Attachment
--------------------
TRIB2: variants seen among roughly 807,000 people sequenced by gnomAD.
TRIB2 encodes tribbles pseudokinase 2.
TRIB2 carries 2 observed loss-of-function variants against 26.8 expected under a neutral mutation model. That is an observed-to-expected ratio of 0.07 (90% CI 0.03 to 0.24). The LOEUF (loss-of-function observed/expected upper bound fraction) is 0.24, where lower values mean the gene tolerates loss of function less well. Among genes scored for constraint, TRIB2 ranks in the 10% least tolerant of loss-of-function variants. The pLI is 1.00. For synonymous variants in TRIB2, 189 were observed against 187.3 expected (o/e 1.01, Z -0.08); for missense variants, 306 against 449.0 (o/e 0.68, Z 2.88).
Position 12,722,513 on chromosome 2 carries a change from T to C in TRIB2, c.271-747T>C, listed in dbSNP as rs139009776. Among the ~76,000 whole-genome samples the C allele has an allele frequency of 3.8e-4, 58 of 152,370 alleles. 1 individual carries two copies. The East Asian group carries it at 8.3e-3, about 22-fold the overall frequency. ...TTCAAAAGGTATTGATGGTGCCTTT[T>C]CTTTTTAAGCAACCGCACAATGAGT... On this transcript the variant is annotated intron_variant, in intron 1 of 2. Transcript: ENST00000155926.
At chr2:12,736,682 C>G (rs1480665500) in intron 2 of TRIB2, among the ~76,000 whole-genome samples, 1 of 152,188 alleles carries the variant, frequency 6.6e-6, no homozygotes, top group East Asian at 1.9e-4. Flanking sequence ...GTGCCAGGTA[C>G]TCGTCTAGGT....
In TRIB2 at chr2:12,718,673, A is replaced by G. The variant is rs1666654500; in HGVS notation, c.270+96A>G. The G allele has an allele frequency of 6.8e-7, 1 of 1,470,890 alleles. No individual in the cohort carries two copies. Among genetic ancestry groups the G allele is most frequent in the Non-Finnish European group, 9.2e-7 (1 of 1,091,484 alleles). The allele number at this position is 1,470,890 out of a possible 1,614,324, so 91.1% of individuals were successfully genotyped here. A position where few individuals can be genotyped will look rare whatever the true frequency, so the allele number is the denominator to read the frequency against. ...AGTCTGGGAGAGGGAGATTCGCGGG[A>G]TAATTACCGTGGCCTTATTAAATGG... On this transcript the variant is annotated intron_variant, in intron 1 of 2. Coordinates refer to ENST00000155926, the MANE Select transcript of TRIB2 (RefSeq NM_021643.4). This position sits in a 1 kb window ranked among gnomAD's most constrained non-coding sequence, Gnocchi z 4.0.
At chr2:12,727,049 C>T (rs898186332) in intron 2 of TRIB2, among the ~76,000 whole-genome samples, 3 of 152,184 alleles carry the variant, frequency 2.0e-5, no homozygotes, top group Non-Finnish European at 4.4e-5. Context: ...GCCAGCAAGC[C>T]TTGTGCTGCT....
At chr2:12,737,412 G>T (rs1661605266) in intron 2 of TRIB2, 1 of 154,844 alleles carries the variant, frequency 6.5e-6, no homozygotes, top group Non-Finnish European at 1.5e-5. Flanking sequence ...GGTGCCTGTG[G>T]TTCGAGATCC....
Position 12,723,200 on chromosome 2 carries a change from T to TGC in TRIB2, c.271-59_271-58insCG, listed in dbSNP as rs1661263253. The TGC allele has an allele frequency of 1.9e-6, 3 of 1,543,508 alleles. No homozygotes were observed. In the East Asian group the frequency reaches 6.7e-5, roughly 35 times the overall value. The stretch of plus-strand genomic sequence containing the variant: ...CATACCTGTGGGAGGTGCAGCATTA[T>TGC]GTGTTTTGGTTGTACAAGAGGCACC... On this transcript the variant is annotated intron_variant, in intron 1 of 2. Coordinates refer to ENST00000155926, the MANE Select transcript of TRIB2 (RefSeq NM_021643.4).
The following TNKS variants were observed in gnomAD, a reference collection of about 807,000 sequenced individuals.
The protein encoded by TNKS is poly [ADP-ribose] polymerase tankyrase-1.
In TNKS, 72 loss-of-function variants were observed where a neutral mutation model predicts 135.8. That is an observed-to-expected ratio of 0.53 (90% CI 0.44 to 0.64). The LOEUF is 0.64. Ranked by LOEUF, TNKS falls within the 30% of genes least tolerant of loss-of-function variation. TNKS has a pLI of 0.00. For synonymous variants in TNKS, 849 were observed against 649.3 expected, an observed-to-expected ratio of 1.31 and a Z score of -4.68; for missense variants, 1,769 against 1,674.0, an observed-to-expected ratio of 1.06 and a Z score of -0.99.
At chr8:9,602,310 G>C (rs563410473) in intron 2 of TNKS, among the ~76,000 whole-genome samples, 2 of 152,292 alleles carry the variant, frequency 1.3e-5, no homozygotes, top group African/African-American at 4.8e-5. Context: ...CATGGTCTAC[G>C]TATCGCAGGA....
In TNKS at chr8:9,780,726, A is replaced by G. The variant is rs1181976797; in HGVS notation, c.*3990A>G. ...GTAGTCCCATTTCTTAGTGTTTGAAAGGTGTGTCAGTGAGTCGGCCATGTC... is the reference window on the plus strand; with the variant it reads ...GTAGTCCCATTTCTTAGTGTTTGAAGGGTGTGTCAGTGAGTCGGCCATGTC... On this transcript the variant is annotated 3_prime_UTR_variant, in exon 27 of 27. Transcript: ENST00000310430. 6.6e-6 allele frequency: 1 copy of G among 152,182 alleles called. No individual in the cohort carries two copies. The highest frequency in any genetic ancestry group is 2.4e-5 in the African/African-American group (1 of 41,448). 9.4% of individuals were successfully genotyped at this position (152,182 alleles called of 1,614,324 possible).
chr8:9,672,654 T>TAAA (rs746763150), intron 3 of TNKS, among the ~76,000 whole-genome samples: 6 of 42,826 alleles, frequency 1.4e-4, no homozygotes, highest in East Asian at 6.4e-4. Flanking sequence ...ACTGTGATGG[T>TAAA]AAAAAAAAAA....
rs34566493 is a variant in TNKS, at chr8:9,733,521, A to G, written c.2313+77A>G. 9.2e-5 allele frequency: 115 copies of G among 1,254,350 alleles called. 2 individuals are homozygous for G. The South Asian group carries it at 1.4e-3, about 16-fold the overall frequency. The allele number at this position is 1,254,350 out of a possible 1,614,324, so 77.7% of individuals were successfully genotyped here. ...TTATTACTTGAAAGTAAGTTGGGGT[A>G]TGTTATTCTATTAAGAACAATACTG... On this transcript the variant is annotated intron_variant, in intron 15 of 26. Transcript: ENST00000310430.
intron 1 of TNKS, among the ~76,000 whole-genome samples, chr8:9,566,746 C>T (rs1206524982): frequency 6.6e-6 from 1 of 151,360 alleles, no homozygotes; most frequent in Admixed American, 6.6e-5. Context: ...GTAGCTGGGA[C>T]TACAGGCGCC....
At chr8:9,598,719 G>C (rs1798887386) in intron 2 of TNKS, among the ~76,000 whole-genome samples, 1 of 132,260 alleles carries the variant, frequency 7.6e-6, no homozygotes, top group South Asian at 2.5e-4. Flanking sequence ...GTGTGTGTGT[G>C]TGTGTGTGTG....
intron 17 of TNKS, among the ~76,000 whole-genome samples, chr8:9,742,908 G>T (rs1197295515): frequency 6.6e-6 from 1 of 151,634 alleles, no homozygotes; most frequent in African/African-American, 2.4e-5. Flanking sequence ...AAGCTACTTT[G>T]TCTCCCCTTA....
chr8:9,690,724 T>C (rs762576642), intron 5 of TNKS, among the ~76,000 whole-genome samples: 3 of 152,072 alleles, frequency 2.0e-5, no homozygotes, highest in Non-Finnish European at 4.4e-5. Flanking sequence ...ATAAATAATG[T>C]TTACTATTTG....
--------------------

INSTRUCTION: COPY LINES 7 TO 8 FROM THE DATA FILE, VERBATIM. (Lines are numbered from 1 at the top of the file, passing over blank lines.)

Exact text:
At chr2:12,727,049 C>T (rs898186332) in intron 2 of TRIB2, among the ~76,000 whole-genome samples, 3 of 152,184 alleles carry the variant, frequency 2.0e-5, no homozygotes, top group Non-Finnish European at 4.4e-5. Context: ...GCCAGCAAGC[C>T]TTGTGCTGCT....
At chr2:12,737,412 G>T (rs1661605266) in intron 2 of TRIB2, 1 of 154,844 alleles carries the variant, frequency 6.5e-6, no homozygotes, top group Non-Finnish European at 1.5e-5. Flanking sequence ...GGTGCCTGTG[G>T]TTCGAGATCC....